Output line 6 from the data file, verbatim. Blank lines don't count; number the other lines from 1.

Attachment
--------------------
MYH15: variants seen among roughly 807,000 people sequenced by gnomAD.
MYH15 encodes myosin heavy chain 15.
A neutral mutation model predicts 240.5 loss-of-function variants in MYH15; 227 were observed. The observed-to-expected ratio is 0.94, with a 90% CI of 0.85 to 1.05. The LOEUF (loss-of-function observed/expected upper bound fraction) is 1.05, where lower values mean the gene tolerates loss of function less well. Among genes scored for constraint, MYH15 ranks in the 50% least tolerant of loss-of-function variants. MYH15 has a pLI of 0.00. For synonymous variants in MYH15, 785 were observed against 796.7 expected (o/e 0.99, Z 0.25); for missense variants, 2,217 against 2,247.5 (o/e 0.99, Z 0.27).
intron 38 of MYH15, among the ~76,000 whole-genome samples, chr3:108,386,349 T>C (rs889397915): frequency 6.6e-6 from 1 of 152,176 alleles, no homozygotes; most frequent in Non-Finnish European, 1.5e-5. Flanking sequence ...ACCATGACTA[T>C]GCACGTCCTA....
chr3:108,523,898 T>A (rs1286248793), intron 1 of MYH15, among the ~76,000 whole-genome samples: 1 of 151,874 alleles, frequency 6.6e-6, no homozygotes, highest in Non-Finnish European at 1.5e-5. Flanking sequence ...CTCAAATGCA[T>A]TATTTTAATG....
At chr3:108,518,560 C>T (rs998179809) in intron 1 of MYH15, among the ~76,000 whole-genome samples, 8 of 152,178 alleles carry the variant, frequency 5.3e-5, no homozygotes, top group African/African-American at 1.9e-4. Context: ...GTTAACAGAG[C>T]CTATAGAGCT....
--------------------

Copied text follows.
At chr3:108,518,560 C>T (rs998179809) in intron 1 of MYH15, among the ~76,000 whole-genome samples, 8 of 152,178 alleles carry the variant, frequency 5.3e-5, no homozygotes, top group African/African-American at 1.9e-4. Context: ...GTTAACAGAG[C>T]CTATAGAGCT....